Too Good to Be True: How to Spot a Lie on a Candidate’s Resume

Many people feel like they are able to get away with telling lies on their resume because nobody is going to review and validate the various parts of their background.

Whether it’s a deliberate omission, a little white lie or an obvious fabrication, hiring managers need to sniff out these resume lies so they can hire the best applicants.

Common resume lies

Many lies included on resumes relate to education. Some applicants will try to make it seem like they graduated from a college when they dropped out. Others will completely fabricate attending school in the first place.

Dishonest applicants may try to cover up an employment gap in their work history by stretching employment dates. Some will even make up a part-time interim job to cover for the time when they didn’t have full-time employment.

While its common for job seekers to fluff up their credentials, some applications will claim to have expertise in areas where they really only have a passing knowledge.

How to spot lies

With a limitless amount of information just a mouse click away, spotting resume lies is easier than ever. First of all, you need to be aware that resume lies are out there. While you’d like to give each applicant the benefit of the doubt, your job is riding on the ability to spot unqualified candidates and eliminating them from your hiring process.

If you are hiring for a position that calls for specific technical ability, performing skills assessments is a great way to sort out the contenders from the pretenders. Whether your company has an in-house expert in the required skill set or uses an outside consultant, have her or him test promising candidates on their knowledge.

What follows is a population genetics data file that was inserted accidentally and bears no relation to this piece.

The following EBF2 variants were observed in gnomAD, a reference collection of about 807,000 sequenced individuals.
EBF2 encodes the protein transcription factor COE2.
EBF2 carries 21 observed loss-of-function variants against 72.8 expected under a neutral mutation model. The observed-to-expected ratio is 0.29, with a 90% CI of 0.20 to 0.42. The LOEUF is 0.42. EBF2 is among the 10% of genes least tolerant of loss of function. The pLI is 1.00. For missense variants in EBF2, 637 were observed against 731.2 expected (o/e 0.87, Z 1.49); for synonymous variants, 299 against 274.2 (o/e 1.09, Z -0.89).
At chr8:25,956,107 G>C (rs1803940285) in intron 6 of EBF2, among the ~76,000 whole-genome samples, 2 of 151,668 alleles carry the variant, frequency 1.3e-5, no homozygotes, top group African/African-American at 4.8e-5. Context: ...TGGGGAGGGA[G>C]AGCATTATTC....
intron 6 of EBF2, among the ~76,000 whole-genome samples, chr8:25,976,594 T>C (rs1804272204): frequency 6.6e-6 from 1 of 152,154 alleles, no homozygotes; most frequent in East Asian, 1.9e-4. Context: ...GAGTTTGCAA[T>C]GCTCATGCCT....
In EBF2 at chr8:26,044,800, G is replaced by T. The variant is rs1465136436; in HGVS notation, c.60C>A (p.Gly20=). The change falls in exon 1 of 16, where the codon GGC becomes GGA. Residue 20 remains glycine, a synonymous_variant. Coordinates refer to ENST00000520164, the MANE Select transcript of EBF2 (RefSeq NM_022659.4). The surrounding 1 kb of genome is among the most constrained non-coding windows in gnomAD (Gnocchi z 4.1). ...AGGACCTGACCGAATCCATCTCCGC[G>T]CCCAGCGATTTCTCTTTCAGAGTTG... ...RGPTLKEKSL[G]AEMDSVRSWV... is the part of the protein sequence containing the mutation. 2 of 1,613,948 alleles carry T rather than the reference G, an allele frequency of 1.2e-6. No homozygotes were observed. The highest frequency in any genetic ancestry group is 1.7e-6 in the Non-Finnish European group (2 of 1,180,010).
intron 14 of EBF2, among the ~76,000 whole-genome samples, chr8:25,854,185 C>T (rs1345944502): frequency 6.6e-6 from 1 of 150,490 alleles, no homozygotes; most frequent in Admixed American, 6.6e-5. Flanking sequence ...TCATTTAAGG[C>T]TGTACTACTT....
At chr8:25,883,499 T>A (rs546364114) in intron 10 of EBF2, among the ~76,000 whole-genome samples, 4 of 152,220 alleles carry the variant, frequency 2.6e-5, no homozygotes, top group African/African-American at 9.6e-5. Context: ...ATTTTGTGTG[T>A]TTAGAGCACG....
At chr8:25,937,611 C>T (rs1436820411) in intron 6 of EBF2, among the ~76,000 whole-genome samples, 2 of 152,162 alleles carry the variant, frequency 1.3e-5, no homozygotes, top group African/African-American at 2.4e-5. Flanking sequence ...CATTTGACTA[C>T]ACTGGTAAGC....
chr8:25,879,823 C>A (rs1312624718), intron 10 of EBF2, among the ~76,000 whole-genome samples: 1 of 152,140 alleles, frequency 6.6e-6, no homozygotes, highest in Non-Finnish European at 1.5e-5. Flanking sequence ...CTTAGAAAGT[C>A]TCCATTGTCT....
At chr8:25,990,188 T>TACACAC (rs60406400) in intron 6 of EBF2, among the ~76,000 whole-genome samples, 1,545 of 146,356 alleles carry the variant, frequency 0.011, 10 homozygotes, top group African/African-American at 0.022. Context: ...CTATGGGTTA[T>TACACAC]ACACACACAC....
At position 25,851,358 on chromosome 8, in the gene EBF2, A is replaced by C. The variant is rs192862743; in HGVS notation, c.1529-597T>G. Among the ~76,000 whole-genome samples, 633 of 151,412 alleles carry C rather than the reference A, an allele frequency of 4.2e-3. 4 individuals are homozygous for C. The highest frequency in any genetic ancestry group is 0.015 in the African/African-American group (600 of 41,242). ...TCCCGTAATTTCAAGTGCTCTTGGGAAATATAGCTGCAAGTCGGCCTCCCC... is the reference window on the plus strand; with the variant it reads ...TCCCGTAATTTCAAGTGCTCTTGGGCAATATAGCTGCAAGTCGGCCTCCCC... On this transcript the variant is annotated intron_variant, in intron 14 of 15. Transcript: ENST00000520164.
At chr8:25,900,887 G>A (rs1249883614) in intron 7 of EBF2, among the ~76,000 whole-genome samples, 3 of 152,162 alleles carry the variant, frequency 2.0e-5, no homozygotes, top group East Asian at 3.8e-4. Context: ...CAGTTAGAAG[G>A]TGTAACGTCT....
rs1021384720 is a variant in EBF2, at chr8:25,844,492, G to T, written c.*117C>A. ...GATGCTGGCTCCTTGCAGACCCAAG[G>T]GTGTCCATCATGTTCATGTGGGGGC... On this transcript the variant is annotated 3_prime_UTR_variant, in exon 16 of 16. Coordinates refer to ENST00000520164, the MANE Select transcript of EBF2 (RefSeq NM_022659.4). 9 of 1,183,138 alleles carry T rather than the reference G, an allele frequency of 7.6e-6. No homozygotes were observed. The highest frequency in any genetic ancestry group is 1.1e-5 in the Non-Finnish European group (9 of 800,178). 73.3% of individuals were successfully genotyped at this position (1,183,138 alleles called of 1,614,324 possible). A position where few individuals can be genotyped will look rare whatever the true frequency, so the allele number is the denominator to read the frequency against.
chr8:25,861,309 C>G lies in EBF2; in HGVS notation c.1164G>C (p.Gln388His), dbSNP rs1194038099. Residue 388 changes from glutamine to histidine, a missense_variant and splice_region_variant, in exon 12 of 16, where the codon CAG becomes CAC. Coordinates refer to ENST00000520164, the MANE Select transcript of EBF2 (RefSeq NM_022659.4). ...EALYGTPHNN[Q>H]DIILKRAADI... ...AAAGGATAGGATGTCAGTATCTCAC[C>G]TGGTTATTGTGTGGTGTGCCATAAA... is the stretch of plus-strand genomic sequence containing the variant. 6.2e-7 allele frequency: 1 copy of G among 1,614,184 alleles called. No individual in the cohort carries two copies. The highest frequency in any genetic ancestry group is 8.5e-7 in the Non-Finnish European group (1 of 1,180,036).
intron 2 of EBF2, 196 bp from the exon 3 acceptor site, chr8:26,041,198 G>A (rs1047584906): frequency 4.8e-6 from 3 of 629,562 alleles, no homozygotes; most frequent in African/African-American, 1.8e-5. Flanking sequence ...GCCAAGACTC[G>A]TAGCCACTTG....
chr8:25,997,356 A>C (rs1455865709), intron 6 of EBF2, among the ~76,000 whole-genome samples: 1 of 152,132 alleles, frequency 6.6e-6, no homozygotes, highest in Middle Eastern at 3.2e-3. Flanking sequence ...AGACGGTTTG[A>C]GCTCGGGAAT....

Googling a person’s resume or looking on social media are two great ways to confirm employment dates and educational background. If your search results don’t match up with what is on the resume, you should either eliminate the candidate, or ask them about the discrepancy.

Background checks are another very useful tool in trying to spot resume fabrications. It’s quite easy for you to pick up the phone, contact an applicant’s former employer and confirm the exact dates of employment.

If you are looking to screen applicants for soft skills like leadership or good communication skills, personal reference checks are quite handy. During reference checks, be sure to ask for specific anecdotes that relate to the skills in question.

Finally, you need to inform all applicants that the discovery of false information on any application materials is grounds for termination. Letting potential applicant know they are never off the hook for resume lies is a good way to deter the behavior altogether.

At Labor Temps, we conduct a robust applicant screening process to avoid working with job seekers who lie on their resume. If your company is currently looking to outsource part or all of its talent acquisition, please contact us today to discuss a range of solutions.